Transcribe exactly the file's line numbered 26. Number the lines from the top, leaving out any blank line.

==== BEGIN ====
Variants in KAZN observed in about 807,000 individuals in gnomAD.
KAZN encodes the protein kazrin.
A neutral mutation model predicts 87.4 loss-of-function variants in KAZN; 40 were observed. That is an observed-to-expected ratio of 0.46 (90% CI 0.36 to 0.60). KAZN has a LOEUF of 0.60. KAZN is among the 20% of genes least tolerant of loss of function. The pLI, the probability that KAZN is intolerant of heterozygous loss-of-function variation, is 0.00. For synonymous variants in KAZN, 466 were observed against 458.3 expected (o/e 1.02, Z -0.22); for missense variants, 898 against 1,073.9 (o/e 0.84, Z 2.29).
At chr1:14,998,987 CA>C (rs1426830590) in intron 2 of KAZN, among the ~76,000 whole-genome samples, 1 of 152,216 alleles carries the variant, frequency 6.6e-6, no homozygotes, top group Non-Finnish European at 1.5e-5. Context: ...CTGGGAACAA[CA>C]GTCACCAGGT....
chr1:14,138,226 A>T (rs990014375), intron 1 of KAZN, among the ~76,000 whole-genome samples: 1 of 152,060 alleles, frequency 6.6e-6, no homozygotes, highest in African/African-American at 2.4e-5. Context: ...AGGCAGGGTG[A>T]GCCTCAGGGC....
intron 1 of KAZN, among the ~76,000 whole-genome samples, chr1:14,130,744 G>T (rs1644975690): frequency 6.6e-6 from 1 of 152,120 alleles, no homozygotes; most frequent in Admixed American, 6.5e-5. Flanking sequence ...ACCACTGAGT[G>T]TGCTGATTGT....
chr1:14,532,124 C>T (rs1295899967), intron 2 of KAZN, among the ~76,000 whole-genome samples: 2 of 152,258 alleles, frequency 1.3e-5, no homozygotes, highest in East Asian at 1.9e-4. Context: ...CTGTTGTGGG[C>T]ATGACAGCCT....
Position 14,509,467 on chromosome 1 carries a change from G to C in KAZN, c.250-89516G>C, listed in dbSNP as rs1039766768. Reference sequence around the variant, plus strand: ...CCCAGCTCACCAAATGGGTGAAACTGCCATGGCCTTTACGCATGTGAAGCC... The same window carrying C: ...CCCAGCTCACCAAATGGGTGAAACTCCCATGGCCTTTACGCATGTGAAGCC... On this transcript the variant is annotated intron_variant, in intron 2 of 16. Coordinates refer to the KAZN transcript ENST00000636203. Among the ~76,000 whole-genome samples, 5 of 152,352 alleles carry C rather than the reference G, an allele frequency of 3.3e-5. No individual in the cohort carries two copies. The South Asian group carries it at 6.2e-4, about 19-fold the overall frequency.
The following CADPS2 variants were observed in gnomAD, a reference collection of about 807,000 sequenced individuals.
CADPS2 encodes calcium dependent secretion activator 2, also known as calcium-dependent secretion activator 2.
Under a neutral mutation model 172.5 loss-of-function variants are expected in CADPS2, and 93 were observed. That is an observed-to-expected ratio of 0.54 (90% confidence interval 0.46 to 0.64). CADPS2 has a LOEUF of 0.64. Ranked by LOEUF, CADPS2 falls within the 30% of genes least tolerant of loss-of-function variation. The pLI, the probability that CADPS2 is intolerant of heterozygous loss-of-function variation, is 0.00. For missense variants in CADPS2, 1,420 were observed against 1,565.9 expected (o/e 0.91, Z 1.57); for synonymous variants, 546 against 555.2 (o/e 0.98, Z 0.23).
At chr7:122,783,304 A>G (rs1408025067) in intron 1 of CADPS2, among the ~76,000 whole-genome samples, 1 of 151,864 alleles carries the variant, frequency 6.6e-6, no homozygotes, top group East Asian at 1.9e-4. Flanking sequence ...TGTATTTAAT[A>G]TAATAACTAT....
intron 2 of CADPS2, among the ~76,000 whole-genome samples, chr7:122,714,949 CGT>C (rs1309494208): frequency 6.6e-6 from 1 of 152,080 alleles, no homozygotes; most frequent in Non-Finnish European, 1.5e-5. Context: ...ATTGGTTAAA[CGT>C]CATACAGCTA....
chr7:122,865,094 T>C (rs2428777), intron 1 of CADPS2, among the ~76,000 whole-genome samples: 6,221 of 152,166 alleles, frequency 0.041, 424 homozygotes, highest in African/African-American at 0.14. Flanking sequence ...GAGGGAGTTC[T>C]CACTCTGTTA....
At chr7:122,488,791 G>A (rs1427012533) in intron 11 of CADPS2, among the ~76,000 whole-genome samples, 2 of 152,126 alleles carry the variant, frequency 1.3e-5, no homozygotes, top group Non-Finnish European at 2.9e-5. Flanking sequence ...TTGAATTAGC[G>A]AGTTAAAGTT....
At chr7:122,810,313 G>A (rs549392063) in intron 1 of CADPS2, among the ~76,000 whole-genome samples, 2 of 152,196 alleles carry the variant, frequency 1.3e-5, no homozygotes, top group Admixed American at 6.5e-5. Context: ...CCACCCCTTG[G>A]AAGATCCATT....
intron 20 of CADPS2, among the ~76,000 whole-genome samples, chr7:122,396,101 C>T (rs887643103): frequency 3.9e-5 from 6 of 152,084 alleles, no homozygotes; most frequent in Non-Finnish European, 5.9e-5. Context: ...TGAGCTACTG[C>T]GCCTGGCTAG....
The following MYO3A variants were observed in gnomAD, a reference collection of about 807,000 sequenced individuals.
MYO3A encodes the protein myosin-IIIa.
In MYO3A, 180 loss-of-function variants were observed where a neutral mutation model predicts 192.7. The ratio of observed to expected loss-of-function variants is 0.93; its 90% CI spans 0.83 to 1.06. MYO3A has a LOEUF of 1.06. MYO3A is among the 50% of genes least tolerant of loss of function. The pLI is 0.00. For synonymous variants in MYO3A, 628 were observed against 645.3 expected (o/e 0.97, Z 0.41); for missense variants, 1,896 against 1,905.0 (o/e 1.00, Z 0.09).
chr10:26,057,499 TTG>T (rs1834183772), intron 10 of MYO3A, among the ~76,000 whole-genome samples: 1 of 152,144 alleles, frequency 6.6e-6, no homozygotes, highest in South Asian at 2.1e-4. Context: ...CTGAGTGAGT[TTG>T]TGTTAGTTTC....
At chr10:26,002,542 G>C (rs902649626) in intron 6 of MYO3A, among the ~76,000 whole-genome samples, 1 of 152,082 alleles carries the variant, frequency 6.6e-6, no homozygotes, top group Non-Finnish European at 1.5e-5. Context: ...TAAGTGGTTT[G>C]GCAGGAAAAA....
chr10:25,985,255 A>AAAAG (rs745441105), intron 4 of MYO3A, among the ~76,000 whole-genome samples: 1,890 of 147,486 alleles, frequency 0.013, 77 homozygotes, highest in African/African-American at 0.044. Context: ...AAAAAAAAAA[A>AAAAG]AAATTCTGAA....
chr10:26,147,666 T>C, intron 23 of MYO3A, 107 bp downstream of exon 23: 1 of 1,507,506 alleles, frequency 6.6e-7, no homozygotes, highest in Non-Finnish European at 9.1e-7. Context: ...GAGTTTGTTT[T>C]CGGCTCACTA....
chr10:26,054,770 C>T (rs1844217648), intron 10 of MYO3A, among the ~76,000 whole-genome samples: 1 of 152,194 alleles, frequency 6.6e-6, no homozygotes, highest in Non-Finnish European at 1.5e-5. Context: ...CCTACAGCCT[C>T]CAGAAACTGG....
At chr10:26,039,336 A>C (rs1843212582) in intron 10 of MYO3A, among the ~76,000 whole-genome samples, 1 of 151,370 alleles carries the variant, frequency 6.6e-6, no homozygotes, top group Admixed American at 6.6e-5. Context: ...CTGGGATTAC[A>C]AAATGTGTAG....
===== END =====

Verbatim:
At chr10:26,039,336 A>C (rs1843212582) in intron 10 of MYO3A, among the ~76,000 whole-genome samples, 1 of 151,370 alleles carries the variant, frequency 6.6e-6, no homozygotes, top group Admixed American at 6.6e-5. Context: ...CTGGGATTAC[A>C]AAATGTGTAG....